Saturday, April 25, 2009

Got Ammo?

I took my trusty old M1911 to the shooting range a few times this month in preparation for my concealed carry class at the end of the month. I was advised to bring 50 rounds of ammunition to the class. I hadn't bought handgun ammo in over a year. As I burnt up my ammo supply in practice, I figured it would be no problem to stop by the local Thiesen's or Wal-Mart and pick up another box. Boy, was I wrong! A nation-wide shortage of all types of ammunition, handgun ammunition in particular, has emptied store shelves.

My friend (a first-time gun owner) spent the other day driving around Cedar Rapids (Iowa's second largest city) looking for his particular caliber and type. He went from store to store only to find the ammo shelves bare. At one store they said that the delivery truck arrived at 11:00 am on Thursdays and that the handgun ammo was usually gone by noon. Apparently you practically have to help unload the truck yourself if you want some ammo. My friend ended up at hardware store in a small town outside C.R. paying 50 bucks for 50 rounds.

There are several causes to the shortage. The long wars in Iraq and Afghanistan have helped to dwindle ammunition supplies, as suppliers give priority to military orders over civilian sales. The largest cause of the shortage, however, is fear. Buyers are snapping up ammunition and hoarding it while they still can.

Many gun owners, including an increasing number of first-time gun buyers, are afraid that President Obama and the Democrat-controlled Congress will move to outlaw or excessively regulate guns and ammo. Some previously proposed legislation dealing with ammo has included placing a 1000% tax on handgun ammo, bans on lead (i.e. most) bullets, and "encoding" each bullet with a unique serial number (making it vastly more expensive).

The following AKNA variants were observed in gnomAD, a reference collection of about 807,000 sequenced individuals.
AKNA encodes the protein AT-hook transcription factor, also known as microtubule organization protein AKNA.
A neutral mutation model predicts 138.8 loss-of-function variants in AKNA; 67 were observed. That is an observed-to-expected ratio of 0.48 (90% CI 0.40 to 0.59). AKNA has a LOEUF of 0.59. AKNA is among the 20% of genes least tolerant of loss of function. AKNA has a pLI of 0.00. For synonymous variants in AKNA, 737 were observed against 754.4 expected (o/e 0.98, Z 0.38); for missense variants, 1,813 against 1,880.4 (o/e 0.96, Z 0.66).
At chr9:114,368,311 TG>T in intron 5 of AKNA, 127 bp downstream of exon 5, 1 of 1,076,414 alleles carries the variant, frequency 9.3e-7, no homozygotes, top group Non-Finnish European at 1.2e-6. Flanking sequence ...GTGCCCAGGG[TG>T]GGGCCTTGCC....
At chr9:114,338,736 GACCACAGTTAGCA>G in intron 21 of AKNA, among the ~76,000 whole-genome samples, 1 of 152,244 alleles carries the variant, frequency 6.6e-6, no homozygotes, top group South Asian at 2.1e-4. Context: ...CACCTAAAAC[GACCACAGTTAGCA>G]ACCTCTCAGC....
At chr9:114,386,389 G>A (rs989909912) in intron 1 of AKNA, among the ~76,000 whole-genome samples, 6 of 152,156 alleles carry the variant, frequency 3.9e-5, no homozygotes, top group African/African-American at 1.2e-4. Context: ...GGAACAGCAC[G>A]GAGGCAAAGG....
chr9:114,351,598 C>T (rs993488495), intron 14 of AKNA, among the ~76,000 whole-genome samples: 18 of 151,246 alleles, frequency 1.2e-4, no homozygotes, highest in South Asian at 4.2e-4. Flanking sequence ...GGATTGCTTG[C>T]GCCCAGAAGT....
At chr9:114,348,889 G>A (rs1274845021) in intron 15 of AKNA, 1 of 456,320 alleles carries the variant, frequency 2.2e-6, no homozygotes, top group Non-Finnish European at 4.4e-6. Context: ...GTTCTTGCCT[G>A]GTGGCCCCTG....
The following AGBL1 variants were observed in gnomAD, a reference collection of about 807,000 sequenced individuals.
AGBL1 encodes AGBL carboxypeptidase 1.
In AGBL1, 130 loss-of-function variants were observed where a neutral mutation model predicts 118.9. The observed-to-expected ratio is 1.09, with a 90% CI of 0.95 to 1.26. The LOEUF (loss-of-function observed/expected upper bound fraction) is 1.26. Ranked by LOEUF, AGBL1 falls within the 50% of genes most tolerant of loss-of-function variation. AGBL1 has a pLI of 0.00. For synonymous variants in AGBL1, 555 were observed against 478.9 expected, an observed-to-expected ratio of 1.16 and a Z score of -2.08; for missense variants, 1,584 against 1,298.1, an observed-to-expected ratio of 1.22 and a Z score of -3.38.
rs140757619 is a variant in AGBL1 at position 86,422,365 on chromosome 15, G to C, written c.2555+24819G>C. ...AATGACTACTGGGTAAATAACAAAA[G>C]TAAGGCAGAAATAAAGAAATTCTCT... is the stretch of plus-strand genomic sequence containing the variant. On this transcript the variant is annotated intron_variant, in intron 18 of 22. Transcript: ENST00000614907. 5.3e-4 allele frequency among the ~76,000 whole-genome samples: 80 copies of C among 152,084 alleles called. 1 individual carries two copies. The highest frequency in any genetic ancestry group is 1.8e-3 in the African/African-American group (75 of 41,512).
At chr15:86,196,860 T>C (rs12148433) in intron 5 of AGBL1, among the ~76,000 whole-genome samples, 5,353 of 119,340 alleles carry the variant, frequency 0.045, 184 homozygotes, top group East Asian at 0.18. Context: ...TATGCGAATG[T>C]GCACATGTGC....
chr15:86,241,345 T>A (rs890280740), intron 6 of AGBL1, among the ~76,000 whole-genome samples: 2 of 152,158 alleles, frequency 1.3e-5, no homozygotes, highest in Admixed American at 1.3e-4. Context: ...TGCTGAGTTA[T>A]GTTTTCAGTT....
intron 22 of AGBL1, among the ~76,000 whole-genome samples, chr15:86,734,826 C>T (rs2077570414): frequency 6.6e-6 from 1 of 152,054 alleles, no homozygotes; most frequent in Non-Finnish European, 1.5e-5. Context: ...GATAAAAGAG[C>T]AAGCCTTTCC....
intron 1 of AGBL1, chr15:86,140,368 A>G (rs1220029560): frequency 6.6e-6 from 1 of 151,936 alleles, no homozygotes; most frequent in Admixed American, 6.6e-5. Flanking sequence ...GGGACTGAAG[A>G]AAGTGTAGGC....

If the specter of all of the Democrats previous gun control schemes weren't enough to drive ammo prices through the roof, recently President Obama announced his support for CIFTA, an international gun control treaty. Among other infringements upon the Second Amendment, the treaty could require people who reload ammo at home to get a federal license. (No one knows how much such a license would cost, or even if they would be issued.) The treaty should drive ammo prices up further and keep them there.

So in a time of ammunition scarcity, what can shooters do?

If you can't find the ammunition you need at your local merchant, you can try ordering ammunition online at Cheaper Than Dirt, The Sportsman's Guide, or They may be sold out of what you need, but keep checking.

If you can wait, try attending the next gun show near you. There are usually ammunition vendors at gun shows, giving you at least a chance to find what you need. Unlike what you've probably seen on the network news, gun shows are not lawless orgies of illegal gun sales with Satan himself laughing in the background, but you can pick up some good deals at one. maintains a list of Iowa gun shows here.

Good luck and good shooting!

Sunday, April 19, 2009

Economic Wizardry

Growing up here in Iowa, my sister had a book that was a collection of the funny papers classic "The Wizard of Id." I remember one particular cartoon in that book. The wizard was standing knee-deep in the sea, his sleeves were rolled up and he had his arms pointed out to sea, furiously casting lightning bolts and cartoon magic at it. Behind him, on the beach, the king watched the wizard's hard work proudly with one of his underlings. The wizard could always get the tide to go out, the king explained to his subject, even if it took twelve hours to do so.

I recall looking down at that cartoon as blankly as if I'd just read the day's relative humidity in Scranton Pennsylvania. It was only after my older and wiser sister explained to me that, after twelve hours, the tide would have gone out by itself anyway, that I got the joke. The wizard was an absolute fraud, but he sure wasn't going to let his sugar daddy (the king) know it.

I'm reminded of that cartoon now as I watch our government's economic wizards work their best mojo to make the recession retreat. However, unlike the good wizard of Id, who merely cast his fake magic harmlessly out to sea, our federal wizards are casting their lightning bolts into a pre-existing economic tinderbox of their own making and mortgaging our children's future to fund the enterprise.